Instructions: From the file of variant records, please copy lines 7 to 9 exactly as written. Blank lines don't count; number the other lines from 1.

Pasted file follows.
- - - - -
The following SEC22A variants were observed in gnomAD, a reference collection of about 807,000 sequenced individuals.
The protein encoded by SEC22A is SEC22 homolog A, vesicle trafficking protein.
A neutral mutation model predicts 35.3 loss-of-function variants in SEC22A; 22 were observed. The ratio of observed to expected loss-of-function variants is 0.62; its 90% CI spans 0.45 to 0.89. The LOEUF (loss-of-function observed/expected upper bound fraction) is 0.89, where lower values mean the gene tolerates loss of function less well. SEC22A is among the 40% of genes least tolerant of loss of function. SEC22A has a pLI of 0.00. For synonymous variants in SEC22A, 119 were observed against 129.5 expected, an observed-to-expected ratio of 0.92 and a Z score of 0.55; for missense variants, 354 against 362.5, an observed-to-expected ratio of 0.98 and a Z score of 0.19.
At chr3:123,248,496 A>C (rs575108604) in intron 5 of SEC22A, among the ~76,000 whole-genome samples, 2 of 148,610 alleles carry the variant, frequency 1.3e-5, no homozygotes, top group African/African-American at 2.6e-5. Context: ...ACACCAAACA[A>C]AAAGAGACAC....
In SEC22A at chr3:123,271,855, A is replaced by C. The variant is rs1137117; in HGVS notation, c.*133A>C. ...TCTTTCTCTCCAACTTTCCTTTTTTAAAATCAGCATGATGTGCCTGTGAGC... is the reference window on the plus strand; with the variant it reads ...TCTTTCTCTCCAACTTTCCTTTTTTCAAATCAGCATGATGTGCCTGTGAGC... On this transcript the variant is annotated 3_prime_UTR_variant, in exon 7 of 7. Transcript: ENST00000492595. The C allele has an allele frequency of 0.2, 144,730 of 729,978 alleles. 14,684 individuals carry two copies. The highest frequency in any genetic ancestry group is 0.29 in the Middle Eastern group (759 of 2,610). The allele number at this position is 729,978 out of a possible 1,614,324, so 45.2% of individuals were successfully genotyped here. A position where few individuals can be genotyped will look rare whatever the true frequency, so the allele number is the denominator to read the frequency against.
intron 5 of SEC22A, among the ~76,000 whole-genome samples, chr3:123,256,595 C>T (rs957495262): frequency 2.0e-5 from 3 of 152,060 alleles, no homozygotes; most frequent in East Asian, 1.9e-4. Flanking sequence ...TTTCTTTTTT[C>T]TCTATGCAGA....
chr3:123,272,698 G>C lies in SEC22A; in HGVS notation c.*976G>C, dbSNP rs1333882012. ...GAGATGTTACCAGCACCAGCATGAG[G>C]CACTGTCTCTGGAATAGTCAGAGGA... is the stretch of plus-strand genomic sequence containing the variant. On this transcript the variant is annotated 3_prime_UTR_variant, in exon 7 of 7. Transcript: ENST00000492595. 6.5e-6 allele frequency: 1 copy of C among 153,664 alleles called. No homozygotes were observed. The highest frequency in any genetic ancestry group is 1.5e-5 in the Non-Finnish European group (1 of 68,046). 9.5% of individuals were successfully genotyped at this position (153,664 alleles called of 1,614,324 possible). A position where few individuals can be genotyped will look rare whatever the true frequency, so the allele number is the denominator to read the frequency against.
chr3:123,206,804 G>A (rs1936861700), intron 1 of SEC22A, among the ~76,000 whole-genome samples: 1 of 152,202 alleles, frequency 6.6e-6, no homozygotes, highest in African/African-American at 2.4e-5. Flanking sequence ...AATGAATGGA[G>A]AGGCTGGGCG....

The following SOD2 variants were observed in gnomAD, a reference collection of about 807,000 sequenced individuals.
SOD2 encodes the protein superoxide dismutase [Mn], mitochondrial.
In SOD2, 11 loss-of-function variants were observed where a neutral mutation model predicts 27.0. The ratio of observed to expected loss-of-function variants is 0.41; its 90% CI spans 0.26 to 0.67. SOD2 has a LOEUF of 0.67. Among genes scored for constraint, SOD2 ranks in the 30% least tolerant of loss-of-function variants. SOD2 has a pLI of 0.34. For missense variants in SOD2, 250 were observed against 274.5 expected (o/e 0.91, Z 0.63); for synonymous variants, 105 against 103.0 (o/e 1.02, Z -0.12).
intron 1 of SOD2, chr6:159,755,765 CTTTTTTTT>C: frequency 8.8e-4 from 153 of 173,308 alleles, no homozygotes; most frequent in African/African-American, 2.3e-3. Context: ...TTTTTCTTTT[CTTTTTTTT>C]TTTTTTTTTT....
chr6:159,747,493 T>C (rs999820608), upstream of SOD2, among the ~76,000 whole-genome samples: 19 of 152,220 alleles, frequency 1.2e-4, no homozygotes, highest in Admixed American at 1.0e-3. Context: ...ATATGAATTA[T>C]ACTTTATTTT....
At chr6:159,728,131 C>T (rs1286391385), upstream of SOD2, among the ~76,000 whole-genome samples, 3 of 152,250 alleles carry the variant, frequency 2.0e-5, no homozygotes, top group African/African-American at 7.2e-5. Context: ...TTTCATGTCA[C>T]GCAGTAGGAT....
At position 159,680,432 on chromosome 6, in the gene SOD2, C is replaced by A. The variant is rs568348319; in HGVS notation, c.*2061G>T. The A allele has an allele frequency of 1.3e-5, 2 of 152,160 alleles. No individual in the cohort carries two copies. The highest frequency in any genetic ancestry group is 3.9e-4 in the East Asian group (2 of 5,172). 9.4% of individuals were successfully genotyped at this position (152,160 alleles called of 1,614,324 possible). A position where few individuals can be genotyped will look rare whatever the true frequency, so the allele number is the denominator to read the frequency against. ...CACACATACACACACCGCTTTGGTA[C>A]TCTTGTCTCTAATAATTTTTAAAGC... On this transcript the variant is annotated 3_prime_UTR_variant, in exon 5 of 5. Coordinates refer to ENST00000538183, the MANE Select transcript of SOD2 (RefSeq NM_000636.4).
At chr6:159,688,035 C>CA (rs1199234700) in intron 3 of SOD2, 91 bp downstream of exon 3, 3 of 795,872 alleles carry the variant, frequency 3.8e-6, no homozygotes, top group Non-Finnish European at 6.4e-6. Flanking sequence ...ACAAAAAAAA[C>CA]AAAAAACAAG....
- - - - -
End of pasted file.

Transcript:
chr3:123,272,698 G>C lies in SEC22A; in HGVS notation c.*976G>C, dbSNP rs1333882012. ...GAGATGTTACCAGCACCAGCATGAG[G>C]CACTGTCTCTGGAATAGTCAGAGGA... is the stretch of plus-strand genomic sequence containing the variant. On this transcript the variant is annotated 3_prime_UTR_variant, in exon 7 of 7. Transcript: ENST00000492595. 6.5e-6 allele frequency: 1 copy of C among 153,664 alleles called. No homozygotes were observed. The highest frequency in any genetic ancestry group is 1.5e-5 in the Non-Finnish European group (1 of 68,046). 9.5% of individuals were successfully genotyped at this position (153,664 alleles called of 1,614,324 possible). A position where few individuals can be genotyped will look rare whatever the true frequency, so the allele number is the denominator to read the frequency against.
chr3:123,206,804 G>A (rs1936861700), intron 1 of SEC22A, among the ~76,000 whole-genome samples: 1 of 152,202 alleles, frequency 6.6e-6, no homozygotes, highest in African/African-American at 2.4e-5. Flanking sequence ...AATGAATGGA[G>A]AGGCTGGGCG....

The following SOD2 variants were observed in gnomAD, a reference collection of about 807,000 sequenced individuals.